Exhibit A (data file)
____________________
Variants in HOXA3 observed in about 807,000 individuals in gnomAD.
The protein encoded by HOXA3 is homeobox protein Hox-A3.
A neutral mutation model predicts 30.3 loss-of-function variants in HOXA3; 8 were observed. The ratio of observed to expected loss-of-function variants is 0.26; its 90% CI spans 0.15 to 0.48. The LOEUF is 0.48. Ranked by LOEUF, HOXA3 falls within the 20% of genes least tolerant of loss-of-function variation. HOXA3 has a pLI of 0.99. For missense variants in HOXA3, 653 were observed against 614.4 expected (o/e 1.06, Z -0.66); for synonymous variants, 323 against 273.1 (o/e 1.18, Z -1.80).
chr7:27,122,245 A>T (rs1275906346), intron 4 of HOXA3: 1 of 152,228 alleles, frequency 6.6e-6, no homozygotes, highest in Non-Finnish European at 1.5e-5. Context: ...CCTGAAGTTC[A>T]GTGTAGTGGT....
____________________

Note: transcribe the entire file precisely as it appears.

Variants in HOXA3 observed in about 807,000 individuals in gnomAD.
The protein encoded by HOXA3 is homeobox protein Hox-A3.
A neutral mutation model predicts 30.3 loss-of-function variants in HOXA3; 8 were observed. The ratio of observed to expected loss-of-function variants is 0.26; its 90% CI spans 0.15 to 0.48. The LOEUF is 0.48. Ranked by LOEUF, HOXA3 falls within the 20% of genes least tolerant of loss-of-function variation. HOXA3 has a pLI of 0.99. For missense variants in HOXA3, 653 were observed against 614.4 expected (o/e 1.06, Z -0.66); for synonymous variants, 323 against 273.1 (o/e 1.18, Z -1.80).
chr7:27,122,245 A>T (rs1275906346), intron 4 of HOXA3: 1 of 152,228 alleles, frequency 6.6e-6, no homozygotes, highest in Non-Finnish European at 1.5e-5. Context: ...CCTGAAGTTC[A>T]GTGTAGTGGT....